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Ukrainian soldiers fire in the recently retaken city of Kupiansk, in the Kharkiv region, Ukraine on Sept. 23, 2022.Kostiantyn Liberov/The Associated Press

The world is heading into a new Cuban Missile Crisis now that Russia has threatened to use nuclear weapons against Ukraine, a top official in President Volodymyr Zelensky’s office has said.

Mykhailo Podolyak, a senior adviser to chief of staff Andriy Yermak, has compared Russia’s latest sabre-rattling to the Soviet Union’s deployment of nuclear weapons to Cuba in 1962. Mr. Podolyak is calling on the West to respond, just as it did then, by making it clear that it is also willing to use nuclear weapons if Russia does not back down.

“A new Caribbean Crisis is already developing, and the West needs to understand this,” Mr. Podolyak said in an interview inside the Presidential Administration building in Kyiv, which has sandbagged windows and is surrounded by checkpoints. “Like it was before, there is a moment when the club of nuclear states should make a hard decision against the Russian Federation, to underline that if they attack with weapons of mass destruction, they will receive a symmetrical reply.”

Mykhailo Podolyak, adviser to President Volodymyr Zelensky's chief of staff, speaks with The Globe and Mail in Kyiv.Anton Skyba/The Globe and Mail

Asked whether he thought the West was willing to risk nuclear war over Ukraine, Mr. Podolyak said that if Russian President Vladimir Putin’s nuclear blackmail were to succeed, the international system would crumble.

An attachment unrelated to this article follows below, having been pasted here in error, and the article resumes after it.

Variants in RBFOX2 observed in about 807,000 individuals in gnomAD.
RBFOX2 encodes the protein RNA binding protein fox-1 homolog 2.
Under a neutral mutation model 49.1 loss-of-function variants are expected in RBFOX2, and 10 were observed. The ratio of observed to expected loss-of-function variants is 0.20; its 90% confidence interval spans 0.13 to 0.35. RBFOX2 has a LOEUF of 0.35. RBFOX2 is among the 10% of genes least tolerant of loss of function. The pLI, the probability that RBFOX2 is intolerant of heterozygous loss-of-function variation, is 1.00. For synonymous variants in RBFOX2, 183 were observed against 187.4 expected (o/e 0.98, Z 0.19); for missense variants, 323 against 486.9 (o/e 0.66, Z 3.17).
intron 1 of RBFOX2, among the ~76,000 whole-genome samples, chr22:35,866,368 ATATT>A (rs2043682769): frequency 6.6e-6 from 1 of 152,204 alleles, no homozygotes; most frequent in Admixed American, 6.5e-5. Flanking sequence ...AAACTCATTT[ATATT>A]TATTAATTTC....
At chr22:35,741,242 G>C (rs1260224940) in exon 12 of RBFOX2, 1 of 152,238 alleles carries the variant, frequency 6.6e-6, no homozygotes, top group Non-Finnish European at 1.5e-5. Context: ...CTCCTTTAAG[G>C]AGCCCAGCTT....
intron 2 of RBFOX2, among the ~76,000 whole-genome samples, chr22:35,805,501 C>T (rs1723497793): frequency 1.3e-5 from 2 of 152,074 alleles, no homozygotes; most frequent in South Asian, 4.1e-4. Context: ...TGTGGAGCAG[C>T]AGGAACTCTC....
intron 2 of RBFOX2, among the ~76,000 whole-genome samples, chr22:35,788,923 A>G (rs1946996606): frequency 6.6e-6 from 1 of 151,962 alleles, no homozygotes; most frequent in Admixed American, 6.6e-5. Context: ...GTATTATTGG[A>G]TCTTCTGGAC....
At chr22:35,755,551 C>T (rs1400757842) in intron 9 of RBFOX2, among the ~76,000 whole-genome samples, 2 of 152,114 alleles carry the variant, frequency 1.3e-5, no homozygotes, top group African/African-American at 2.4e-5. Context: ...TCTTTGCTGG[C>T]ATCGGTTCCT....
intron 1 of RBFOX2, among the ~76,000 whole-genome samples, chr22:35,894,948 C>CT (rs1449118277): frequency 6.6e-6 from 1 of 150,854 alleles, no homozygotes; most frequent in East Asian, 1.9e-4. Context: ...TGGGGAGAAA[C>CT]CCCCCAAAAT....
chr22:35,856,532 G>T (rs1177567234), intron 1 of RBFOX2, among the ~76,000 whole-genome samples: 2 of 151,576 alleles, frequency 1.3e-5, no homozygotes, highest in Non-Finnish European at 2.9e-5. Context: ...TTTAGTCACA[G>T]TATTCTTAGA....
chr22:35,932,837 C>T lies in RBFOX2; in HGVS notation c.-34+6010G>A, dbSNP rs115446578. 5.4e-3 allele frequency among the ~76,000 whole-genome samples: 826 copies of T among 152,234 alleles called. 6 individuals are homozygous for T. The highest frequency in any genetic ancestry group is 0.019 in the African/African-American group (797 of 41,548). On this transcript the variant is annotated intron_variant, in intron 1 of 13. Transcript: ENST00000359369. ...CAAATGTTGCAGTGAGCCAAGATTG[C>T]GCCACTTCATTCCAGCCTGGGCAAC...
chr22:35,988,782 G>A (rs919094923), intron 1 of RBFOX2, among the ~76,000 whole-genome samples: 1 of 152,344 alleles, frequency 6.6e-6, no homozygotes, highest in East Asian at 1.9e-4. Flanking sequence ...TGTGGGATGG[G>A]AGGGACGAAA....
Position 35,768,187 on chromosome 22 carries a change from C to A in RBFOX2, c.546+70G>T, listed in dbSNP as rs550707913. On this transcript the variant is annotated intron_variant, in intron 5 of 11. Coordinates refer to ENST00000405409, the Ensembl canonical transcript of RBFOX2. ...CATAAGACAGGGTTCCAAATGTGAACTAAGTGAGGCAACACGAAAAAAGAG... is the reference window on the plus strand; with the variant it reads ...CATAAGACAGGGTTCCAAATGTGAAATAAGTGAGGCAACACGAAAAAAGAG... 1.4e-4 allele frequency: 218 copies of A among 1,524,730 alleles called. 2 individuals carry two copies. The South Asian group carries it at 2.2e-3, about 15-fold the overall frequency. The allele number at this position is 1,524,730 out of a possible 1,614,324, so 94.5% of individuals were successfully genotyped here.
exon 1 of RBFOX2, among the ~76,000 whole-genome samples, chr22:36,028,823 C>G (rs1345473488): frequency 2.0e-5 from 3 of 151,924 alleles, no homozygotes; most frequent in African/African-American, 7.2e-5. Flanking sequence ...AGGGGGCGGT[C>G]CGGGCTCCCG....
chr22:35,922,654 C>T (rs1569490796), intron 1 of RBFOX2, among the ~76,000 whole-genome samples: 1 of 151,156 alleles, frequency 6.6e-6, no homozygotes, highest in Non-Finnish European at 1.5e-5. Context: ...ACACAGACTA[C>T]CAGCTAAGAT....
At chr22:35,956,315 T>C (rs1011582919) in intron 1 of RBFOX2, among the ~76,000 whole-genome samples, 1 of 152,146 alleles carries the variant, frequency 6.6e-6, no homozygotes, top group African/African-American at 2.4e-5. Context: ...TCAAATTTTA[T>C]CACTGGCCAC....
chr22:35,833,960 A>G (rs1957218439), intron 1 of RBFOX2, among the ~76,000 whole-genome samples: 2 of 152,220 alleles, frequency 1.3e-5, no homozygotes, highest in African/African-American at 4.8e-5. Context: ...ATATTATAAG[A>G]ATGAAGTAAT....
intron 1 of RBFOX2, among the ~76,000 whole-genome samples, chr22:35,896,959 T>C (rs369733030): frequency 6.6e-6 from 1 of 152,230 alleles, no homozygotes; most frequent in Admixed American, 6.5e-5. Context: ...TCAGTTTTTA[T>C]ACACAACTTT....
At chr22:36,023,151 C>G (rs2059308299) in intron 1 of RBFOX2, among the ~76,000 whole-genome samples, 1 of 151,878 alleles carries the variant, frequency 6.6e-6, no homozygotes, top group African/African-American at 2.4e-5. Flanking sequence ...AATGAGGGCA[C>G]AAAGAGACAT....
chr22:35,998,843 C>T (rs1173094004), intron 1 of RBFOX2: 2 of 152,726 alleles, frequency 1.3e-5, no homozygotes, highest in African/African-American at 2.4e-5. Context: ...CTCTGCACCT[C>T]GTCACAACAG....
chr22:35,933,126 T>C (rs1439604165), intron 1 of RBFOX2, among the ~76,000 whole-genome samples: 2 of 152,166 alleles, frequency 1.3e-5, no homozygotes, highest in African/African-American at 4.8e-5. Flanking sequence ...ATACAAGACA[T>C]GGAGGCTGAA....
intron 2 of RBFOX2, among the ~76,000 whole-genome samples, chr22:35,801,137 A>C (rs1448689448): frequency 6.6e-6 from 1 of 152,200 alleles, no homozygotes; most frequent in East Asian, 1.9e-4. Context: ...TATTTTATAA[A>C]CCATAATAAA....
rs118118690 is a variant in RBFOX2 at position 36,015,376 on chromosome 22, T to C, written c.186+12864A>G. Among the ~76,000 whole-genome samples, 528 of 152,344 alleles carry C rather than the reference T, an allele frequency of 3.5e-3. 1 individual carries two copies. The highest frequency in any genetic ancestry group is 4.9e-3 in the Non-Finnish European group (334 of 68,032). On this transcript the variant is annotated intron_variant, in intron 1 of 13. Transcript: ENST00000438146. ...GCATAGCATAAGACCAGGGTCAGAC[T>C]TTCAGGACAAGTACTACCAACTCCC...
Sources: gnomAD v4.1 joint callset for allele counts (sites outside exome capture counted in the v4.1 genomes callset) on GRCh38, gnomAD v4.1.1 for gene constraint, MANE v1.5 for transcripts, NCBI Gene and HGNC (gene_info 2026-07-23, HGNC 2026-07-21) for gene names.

“Any unstable political regime or authoritarian regime will be able to use this technology, because there will be no rules any more.”

Mr. Putin raised the spectre of nuclear warfare Wednesday in a televised address in which he said Russia would “make use of all weapon systems available” to it to defend its territory, adding, “This is not a bluff.”

Ukraine appears to be taking Mr. Putin’s threat seriously.

Its top military commander, General Valery Zaluzhny, and the country’s Defence Intelligence Service have both warned of the possibility that Russia could use tactical nuclear weapons – so-called “battlefield nukes” – to reverse a recent string of defeats. On Friday Ukraine repeatedly tested a new emergency signal that sends a jarring alarm directly to every mobile phone in the country.

Ukraine gave up the nuclear weapons it inherited when the Soviet Union collapsed – then the third-largest nuclear arsenal in the world – by transferring its missiles to Russia in 1994, under the terms of the Budapest Memorandum, in exchange for security guarantees from the United States, Britain and Russia.

The treaty was supposed to ensure Ukraine’s sovereignty and included a promise that the signatories would never use nuclear arms against it.

World nuclear forces

As of January, 2022

= 10 warheads

Total 2022: 12,705

1986: 70,000

Russia: 5,977

Britain:

225

North

Korea:

20

U.S.: 5,428

Israel:

90

India: 160

France: 290

Pakistan: 165

China: 350

graphic news: Source: Stockholm International

Peace Research Institute

World nuclear forces

As of January, 2022

= 10 warheads

Total 2022: 12,705

1986: 70,000

Russia: 5,977

Britain:

225

North

Korea:

20

U.S.: 5,428

Israel:

90

India: 160

France: 290

Pakistan: 165

China: 350

graphic news: Source: Stockholm International

Peace Research Institute

World nuclear forces

= 10 warheads

As of January, 2022

Russia: 5,977

Total 2022: 12,705

1986: 70,000

Britain:

225

North

Korea:

20

U.S.: 5,428

Israel:

90

India: 160

France: 290

Pakistan: 165

China: 350

graphic news: Source: Stockholm International Peace Research Institute

Mr. Putin, who has also ordered a partial mobilization of Russia’s military reserves, delivered his address ahead of “referendums” being held in Russian-occupied areas of Ukraine. Moscow is widely expected to annex the territories after the stage-managed votes, so Mr. Putin’s threat to use nuclear weapons to defend Russian territory may soon apply to large parts of Ukraine, including areas where Ukrainian troops are currently on the offensive.